In the synoptic gospels, the parable of the sower notes that not all seeds would reach their fullest potential, even in the best of soil. The moral of the seeds bearing different amounts of fruit within the good soil is that even people who follow Christ will be rewarded differently for different actions. The rich man in Mark 10 is a prime example where it is not wealth that is viewed negatively, and even the man seems to escape a chastisement in his conversation with Christ who looked upon him and loved him. But immediately following this is the famous line: “it is easier for a camel to pass through the eye of a needle than for a rich man to enter heaven.” However, Christ goes on to say that all things are possible through God, perhaps indicating that the wealthy cannot merit the reward of Heaven on their own. A distinction may have been necessary here between the old law and the new because there was no true conception of an afterlife in the Jewish tradition, and rewards in the Old Testament were generally believed to be some type of temporal reward. This can be interpreted as being in agreeance with Matthew 5:3: “Blessed are the poor in spirit, for this is theirs kingdom of heaven.” The kingdom of heaven belongs to those who do not love their wealth, even if they have a great deal of wealth. These “poor in spirit” are the men which the entire biblical tradition is attempting to create; a wealthy man who is detached from his wealth, so that if he were to lose it he would not be injured. The poor in spirit are necessary to maintain the literal poor through charity. Wealth is a prerequisite for most charity and all liberality, both of which are promoted by the church and one of which is a cardinal virtue.
James 3:13-18 provides another foundation for the teaching on what type of man to be, and by extension it can be viewed through the lens of how to or not to use your wealth. Essentially there are two types of wisdom: one which allows meekness to show through, and another which is rooted in jealousy and ambition. These two types of wisdom are excellent descriptions of the two types of rich men. One, who we can call the poor in spirit, is humble and despite his wealth lives virtuously. The other, who we call wicked, are enslaved by their ambition and greed of wealth for no clear goal. These second type of men are far more common, and when Amon, James, and others are speaking ill of wealth and the wealthy this is the type of man they are pointing to. John in his Revelation speaks of this type in 3:17: “For you say I am rich, I have prospered, and I need nothing; not knowing that you are wretched, pitiable, poor, blind, and naked.” This speaks volumes for the fact that there are two types of wealthy men, in that John tells them that they are poor. Not in material possessions, obviously, but rather in life itself. They will live their temporal life, and for these wicked men that will be all they get. But the poor in spirit will receive rewards in heaven for their virtue. Revelation also shows in chapter 18 that living in luxury is a danger. The passage in chapter 18 has echoes of the destruction of Tyre in Ezekiel 27 and 28. The people of Babylon and of Tyre are both living in luxury and come to ruin. Merchants seem to be the most contemptible people from these two passages, a sentiment which the philosopher would have agreed with. But Revelation seems to be the fulfillment of the destruction of Tyre: “And the merchants of the earth weep and mourn for her, since no one buys their cargo anymore” (Revelation 8:1). In the end of this world, materialism will be overcome.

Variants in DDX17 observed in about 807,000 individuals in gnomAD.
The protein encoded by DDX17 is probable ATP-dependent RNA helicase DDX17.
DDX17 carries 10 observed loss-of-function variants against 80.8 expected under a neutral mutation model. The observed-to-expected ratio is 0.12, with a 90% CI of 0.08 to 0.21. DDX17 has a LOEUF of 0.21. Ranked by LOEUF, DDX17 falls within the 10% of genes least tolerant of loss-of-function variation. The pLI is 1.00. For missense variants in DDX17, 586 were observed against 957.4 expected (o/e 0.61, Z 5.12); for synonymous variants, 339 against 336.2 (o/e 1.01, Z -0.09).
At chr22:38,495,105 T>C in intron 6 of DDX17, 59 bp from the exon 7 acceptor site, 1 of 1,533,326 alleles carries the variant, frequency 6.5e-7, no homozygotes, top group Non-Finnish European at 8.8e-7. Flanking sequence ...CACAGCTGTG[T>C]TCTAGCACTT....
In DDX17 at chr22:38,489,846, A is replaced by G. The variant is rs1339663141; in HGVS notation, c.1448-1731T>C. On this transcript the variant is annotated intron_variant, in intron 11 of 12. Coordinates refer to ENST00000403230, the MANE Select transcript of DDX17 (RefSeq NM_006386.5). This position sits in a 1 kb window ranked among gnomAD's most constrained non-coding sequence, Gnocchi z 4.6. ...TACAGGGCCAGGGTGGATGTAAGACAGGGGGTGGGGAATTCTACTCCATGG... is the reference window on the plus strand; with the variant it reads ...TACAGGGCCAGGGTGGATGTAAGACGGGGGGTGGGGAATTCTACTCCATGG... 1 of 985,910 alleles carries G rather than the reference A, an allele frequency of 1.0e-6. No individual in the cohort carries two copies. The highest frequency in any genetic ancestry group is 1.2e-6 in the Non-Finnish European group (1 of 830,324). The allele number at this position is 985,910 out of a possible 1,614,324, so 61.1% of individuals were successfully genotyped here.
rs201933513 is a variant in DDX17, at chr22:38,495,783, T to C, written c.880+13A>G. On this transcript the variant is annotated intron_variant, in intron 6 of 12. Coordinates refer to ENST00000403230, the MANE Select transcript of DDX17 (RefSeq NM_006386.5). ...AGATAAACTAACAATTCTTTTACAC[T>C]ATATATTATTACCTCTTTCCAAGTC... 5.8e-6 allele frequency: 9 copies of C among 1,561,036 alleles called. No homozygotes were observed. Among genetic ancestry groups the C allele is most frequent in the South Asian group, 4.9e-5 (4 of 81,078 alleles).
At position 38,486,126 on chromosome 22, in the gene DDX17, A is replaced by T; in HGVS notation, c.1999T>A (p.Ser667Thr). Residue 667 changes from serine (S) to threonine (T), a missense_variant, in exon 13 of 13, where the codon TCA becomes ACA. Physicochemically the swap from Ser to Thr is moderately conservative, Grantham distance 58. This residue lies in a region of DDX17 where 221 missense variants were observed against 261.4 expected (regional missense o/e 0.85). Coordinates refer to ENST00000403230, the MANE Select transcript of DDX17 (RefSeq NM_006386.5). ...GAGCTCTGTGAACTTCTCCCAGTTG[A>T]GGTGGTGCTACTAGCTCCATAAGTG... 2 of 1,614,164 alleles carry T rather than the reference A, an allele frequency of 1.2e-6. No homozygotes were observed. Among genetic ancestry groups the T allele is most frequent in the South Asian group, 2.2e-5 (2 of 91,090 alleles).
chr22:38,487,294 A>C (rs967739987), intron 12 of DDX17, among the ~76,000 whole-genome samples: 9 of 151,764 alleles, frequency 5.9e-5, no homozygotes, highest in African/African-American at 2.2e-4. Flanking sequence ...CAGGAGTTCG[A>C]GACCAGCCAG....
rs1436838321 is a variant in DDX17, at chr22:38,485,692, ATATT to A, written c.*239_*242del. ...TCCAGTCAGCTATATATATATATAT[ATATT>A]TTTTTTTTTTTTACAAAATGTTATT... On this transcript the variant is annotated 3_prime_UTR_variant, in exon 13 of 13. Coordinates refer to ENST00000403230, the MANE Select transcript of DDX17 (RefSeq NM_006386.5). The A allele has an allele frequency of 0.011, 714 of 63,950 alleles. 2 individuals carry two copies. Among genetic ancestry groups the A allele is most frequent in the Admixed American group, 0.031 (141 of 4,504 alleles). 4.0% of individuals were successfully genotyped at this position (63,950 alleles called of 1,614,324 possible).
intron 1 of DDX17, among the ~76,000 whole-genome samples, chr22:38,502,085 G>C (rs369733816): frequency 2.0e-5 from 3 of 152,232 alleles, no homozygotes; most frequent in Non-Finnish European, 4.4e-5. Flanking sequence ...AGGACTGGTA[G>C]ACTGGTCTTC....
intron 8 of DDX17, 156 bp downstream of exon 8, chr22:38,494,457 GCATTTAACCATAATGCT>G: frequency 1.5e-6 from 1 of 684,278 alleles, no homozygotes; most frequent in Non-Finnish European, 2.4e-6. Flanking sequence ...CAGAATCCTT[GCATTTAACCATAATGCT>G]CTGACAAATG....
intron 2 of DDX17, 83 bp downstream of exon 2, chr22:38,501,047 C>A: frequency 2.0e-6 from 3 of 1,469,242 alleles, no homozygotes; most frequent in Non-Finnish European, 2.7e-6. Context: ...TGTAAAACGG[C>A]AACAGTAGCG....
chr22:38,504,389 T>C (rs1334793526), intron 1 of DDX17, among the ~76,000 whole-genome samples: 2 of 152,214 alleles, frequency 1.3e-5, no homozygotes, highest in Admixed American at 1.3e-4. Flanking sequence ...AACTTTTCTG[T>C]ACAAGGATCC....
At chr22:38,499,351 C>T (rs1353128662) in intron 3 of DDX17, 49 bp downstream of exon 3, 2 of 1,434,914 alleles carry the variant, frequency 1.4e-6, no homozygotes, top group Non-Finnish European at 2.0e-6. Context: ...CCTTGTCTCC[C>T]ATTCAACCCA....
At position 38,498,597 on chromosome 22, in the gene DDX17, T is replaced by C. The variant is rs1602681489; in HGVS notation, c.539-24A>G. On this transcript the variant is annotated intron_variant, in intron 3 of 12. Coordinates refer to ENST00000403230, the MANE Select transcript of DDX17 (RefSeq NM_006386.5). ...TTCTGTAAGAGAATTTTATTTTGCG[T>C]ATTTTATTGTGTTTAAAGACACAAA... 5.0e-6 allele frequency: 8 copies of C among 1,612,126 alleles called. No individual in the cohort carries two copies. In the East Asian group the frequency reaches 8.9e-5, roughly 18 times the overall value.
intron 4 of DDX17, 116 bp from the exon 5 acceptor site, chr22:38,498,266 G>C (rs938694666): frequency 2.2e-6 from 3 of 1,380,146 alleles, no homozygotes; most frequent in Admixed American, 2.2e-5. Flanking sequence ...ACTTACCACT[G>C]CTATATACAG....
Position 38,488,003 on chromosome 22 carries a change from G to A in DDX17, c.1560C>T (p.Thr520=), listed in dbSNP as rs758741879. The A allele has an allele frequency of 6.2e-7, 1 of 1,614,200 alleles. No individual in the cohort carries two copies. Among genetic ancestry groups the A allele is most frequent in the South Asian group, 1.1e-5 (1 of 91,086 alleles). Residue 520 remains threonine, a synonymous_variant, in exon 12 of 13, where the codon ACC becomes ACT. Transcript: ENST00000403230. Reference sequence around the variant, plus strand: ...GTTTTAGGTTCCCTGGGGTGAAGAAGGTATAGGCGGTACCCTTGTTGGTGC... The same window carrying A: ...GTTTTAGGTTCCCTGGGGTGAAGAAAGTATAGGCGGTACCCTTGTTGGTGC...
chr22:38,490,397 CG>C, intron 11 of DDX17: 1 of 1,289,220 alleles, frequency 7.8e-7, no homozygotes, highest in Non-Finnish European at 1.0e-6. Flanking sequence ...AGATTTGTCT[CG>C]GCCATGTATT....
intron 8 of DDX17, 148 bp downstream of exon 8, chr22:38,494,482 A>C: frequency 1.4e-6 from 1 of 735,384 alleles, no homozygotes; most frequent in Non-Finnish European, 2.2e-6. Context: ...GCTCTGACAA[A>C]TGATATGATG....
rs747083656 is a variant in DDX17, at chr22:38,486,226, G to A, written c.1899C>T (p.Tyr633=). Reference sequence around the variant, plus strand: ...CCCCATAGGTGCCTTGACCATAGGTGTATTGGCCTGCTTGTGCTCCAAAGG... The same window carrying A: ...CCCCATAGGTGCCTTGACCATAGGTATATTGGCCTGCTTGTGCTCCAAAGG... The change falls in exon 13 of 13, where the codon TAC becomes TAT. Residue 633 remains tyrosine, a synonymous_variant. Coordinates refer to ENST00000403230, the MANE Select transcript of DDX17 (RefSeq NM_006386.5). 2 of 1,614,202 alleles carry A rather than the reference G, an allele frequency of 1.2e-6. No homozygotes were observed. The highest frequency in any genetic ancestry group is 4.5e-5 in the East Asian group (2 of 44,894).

Both the Old and New Testaments are part of a cohesive tradition that, when viewed as a whole, present wealth as a means to other ends. As a means, it can be used justly or unjustly, but wealth is not in itself evil. This is not to say that wealth is beyond corruption of the wicked, but it is also used to great effect by the liberal man to support the poor. The love of money is very clearly despised by all relevant passages of scripture, especially those like Matthew 6:24, which imply that the love of money essentially makes you a slave to it. At its essence, wealth of any sort is a tool which is to be used for the benefit of the community rather than for personal gain. The man who is poor in spirit should be the goal of all wealthy men.